Zither Player Estimates He Slept With Four, Maybe Five Women Over His Career

WASHINGTON, Missouri. This town of 14,000 on the banks of the Missouri River is known as the “Corncob Pipe Capital of the World,” a distinction that draws smokers from around the world to the Missouri Meerschaum factory here. “It would be a shame if they ever left,” says Matthew Oldenberger, an expert on the subject. “I would have to make substantial revisions to my two-volume treatise on the corncob pipe–which you can buy on amazon.com for only $14.95.”

Washington MO


But to music lovers, Washington is better known as the Zither Capital of the World, after Franz Schwarzer, the 19th century master craftsman who built a zither empire here that reached its peak in 1873, when three of the stringed instruments he made won the Gold Medal of Progress at the Vienna Exposition. “That was pretty much the Woodstock for the zither,” says Hubert Noals, a curator of zithers at the National Museum of Forgotten Stringed Instruments in Arlington, Virginia. “Anti-German sentiment increased with World War I, so I guess you’d say that was the zither’s Altamont,” he adds, referring to the disastrous free concert in 1969 at which a man was killed by motorcycle gang members providing security for The Rolling Stones.


But now zither enthusiasts see the instrument making a comeback, as Fritz Kleinschmidt, considered by many to be the “Jimi Hendrix of the Zither,” has moved back to Washington to write his memoirs and compile his Greatest Hits, Vol. 4. “It is an opportunity for me to reflect,” he tells this reporter. “I have been such a hot shot for so long, time for me to cool down.”


Prompted by guitarist John Mayer’s recent revelation that he has had sex with five hundred women during seventeen years of sexual activity, Kleinschmidt makes a revelation of his own. “So many I have lost count,” he says, shaking his head as an easy smile comes to his lips. “It was either four or five.”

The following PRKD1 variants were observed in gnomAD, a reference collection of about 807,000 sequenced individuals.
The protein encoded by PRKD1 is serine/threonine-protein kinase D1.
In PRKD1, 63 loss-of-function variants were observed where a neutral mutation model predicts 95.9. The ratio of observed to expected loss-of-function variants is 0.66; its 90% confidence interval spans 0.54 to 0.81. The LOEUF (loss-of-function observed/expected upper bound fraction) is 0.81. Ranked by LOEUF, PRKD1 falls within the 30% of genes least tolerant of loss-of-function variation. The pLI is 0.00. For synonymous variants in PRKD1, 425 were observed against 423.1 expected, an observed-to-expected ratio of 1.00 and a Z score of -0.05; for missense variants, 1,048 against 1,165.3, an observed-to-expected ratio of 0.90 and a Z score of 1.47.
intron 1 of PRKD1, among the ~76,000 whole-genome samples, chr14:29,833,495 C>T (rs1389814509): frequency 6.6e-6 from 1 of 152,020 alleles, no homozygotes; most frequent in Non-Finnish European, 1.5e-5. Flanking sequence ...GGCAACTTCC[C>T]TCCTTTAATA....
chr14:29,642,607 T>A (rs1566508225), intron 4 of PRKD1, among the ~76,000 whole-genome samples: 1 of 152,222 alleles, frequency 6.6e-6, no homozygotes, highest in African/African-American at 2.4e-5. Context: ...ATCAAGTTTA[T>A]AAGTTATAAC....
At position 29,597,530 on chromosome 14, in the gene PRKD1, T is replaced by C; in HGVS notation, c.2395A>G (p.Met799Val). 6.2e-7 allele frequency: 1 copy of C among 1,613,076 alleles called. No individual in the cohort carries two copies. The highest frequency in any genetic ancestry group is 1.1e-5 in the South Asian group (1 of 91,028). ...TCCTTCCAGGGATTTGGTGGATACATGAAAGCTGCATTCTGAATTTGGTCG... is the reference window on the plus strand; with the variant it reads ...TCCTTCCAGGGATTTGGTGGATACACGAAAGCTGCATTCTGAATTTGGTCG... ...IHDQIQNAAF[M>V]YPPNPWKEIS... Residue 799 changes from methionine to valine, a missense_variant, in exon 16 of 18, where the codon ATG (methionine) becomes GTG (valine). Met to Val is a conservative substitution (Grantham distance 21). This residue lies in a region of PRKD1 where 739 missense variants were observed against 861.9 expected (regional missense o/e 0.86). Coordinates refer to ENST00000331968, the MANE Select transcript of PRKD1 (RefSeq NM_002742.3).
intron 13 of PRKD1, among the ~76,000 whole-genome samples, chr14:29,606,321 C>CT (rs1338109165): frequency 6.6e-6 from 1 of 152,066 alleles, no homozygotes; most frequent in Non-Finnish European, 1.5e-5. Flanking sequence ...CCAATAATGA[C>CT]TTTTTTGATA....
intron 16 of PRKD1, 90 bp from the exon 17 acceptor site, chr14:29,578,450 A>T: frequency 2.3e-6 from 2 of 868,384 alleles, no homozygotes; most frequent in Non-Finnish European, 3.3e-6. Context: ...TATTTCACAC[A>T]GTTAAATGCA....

Asked to give the salacious details, Kleinschmidt plunges right in. “First there was Margie Hoffmeister. Her brother Johan asked me to sleep over, I was only ten, she was twelve. We were watching Revenge of the Cheesemongers on a portable television set. She was so scared, she crawled into bed with me–fully clothed!”


He goes on to give details of other encounters with women who succumbed to his romantic stylings on the instrument that may have from thirty to an astonishing fifty-two strings. “Eve-Elise Wehrmacht-Schnizen was my favorite,” he reminisces fondly. “A woman with two hyphens–incredible!”

Some town fathers and mothers are embarrassed by Kleinschmidt’s prurient late-in-life revelations, but say there is little or nothing they can do to silence him given inconvenient American notions of “free speech” that are alien to their Austro-Hungarian heritage. “Besides corncob pipes and zithers, the only thing we have to hang our hat on is that we are the birthplace of Con Chapman, a failed novelist,” says town historian Mathias Werner. “And we have been trying to live that down for seventy-two years.”

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